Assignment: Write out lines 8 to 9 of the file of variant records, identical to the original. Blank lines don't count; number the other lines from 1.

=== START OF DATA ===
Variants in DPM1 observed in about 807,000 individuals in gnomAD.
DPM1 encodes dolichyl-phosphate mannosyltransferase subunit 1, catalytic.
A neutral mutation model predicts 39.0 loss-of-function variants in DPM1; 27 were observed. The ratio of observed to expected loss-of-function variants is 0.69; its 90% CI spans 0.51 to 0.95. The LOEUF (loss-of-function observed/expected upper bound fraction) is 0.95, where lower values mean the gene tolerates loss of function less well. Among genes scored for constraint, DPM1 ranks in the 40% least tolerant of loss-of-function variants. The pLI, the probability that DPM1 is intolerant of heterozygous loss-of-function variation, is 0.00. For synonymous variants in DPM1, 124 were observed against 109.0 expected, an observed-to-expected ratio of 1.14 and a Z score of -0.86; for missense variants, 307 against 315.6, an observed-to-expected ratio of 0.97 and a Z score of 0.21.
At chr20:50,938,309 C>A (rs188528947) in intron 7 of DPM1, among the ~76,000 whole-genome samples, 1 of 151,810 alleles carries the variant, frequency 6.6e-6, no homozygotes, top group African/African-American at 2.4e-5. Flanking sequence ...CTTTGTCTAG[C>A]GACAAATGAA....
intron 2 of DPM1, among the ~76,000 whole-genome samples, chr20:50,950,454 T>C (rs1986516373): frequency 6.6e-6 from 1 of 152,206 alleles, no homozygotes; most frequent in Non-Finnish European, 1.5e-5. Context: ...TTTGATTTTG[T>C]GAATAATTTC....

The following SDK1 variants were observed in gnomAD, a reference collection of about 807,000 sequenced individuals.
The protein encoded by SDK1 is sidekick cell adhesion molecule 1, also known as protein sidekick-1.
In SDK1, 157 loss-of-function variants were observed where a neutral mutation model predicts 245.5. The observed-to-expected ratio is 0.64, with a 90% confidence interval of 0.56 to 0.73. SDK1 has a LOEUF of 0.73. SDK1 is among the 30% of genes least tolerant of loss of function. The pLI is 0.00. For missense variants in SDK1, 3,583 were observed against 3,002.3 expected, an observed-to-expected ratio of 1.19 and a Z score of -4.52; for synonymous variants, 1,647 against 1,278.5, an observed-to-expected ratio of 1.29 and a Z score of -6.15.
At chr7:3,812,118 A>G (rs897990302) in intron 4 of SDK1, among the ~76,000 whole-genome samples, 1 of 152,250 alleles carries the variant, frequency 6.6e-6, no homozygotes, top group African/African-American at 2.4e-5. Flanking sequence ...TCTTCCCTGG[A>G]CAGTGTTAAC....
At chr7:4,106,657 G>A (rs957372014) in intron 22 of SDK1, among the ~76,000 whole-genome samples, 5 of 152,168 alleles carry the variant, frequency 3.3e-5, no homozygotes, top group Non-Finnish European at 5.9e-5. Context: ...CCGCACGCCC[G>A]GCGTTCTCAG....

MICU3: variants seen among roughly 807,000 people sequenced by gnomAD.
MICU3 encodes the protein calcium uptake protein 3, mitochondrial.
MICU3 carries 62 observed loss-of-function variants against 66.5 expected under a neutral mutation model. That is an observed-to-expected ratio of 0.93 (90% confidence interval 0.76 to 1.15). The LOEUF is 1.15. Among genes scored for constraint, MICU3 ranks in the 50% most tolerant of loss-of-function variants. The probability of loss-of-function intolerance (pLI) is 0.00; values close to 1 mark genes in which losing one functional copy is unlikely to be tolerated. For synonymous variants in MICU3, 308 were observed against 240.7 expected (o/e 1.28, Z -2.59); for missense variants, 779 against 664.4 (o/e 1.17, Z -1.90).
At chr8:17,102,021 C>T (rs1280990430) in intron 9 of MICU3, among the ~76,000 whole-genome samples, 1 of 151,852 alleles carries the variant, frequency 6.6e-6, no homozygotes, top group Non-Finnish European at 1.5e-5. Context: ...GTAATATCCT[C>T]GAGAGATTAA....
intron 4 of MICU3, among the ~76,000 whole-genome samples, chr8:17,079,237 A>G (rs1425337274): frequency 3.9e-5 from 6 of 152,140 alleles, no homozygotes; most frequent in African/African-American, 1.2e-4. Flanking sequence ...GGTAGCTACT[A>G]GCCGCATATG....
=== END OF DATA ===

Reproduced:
In SDK1, 157 loss-of-function variants were observed where a neutral mutation model predicts 245.5. The observed-to-expected ratio is 0.64, with a 90% confidence interval of 0.56 to 0.73. SDK1 has a LOEUF of 0.73. SDK1 is among the 30% of genes least tolerant of loss of function. The pLI is 0.00. For missense variants in SDK1, 3,583 were observed against 3,002.3 expected, an observed-to-expected ratio of 1.19 and a Z score of -4.52; for synonymous variants, 1,647 against 1,278.5, an observed-to-expected ratio of 1.29 and a Z score of -6.15.
At chr7:3,812,118 A>G (rs897990302) in intron 4 of SDK1, among the ~76,000 whole-genome samples, 1 of 152,250 alleles carries the variant, frequency 6.6e-6, no homozygotes, top group African/African-American at 2.4e-5. Flanking sequence ...TCTTCCCTGG[A>G]CAGTGTTAAC....